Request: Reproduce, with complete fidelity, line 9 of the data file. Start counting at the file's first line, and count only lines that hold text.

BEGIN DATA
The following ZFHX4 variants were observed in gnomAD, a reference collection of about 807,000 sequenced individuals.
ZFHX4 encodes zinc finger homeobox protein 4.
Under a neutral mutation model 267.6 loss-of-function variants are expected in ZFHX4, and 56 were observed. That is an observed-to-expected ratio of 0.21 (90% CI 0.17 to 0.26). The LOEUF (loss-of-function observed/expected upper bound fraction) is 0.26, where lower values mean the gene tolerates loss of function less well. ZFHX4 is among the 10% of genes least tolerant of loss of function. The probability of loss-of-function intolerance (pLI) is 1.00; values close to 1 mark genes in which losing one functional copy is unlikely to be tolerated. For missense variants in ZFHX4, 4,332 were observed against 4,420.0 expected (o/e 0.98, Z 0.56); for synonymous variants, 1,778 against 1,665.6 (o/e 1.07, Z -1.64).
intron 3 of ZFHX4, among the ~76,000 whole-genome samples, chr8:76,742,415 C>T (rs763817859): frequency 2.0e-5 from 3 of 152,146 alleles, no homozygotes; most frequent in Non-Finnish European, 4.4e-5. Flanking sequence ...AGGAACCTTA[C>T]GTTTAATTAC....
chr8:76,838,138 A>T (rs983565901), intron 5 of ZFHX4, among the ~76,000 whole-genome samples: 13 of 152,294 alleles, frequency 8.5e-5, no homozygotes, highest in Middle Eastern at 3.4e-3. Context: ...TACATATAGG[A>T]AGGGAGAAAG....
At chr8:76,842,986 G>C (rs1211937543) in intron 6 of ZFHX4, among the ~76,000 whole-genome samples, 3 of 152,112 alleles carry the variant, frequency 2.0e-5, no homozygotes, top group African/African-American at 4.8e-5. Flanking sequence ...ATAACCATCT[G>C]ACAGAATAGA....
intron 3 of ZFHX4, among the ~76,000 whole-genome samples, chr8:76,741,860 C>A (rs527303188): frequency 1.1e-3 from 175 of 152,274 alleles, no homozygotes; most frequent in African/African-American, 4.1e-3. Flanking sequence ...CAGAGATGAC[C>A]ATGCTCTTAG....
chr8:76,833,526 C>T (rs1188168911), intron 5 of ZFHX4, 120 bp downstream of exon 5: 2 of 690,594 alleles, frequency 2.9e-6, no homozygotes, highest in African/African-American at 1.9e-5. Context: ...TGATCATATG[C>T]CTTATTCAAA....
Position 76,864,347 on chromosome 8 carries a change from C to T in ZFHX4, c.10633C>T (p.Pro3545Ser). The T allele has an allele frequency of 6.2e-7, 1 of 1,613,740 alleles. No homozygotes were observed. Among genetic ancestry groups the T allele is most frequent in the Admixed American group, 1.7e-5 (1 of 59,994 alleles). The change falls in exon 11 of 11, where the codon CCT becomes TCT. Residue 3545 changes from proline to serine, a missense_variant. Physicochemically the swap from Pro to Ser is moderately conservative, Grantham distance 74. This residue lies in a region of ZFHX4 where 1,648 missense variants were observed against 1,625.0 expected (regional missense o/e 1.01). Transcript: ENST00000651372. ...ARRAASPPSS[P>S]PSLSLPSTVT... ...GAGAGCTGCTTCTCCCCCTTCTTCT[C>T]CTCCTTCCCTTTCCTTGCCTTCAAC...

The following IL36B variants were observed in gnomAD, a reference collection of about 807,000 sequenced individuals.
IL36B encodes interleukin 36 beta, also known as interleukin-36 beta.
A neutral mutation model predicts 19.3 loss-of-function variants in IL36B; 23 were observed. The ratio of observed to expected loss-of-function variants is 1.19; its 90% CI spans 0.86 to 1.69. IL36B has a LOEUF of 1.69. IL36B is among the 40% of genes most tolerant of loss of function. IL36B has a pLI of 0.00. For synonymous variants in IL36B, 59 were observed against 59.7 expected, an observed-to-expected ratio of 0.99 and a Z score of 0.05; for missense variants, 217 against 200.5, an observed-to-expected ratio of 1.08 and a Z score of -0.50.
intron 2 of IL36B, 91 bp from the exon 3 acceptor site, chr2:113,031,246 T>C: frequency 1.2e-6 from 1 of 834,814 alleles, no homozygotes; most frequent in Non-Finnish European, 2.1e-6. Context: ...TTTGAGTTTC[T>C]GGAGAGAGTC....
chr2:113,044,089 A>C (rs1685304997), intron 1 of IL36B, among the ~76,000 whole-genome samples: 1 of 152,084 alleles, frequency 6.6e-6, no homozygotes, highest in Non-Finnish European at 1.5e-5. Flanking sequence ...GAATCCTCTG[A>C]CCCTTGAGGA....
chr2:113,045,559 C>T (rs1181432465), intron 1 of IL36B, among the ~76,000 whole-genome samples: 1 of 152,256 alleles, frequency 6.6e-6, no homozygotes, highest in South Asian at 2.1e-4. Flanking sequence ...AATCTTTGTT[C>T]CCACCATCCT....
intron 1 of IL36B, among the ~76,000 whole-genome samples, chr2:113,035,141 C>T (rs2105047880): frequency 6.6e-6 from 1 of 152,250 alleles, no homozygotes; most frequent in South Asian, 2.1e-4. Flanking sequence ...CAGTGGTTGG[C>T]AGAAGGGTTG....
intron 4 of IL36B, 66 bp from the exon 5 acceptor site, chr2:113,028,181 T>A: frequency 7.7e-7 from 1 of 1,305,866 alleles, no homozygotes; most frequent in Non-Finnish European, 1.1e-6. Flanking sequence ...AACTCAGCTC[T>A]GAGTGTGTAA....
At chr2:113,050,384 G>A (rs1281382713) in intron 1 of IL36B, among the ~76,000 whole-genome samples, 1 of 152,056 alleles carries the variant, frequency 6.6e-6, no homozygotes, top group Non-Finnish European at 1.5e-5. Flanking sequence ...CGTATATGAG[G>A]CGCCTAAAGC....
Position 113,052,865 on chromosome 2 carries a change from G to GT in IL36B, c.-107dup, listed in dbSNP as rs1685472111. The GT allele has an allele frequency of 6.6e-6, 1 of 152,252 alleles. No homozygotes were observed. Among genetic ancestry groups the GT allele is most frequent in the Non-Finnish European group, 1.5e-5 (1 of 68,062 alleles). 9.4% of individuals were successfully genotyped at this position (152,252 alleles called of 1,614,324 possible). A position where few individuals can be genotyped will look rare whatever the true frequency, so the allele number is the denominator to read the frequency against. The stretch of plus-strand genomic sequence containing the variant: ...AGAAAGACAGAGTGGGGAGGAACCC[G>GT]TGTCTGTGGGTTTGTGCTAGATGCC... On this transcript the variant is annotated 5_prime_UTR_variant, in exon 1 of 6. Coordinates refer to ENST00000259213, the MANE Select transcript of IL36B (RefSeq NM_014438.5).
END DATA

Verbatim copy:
Position 76,864,347 on chromosome 8 carries a change from C to T in ZFHX4, c.10633C>T (p.Pro3545Ser). The T allele has an allele frequency of 6.2e-7, 1 of 1,613,740 alleles. No homozygotes were observed. Among genetic ancestry groups the T allele is most frequent in the Admixed American group, 1.7e-5 (1 of 59,994 alleles). The change falls in exon 11 of 11, where the codon CCT becomes TCT. Residue 3545 changes from proline to serine, a missense_variant. Physicochemically the swap from Pro to Ser is moderately conservative, Grantham distance 74. This residue lies in a region of ZFHX4 where 1,648 missense variants were observed against 1,625.0 expected (regional missense o/e 1.01). Transcript: ENST00000651372. ...ARRAASPPSS[P>S]PSLSLPSTVT... ...GAGAGCTGCTTCTCCCCCTTCTTCT[C>T]CTCCTTCCCTTTCCTTGCCTTCAAC...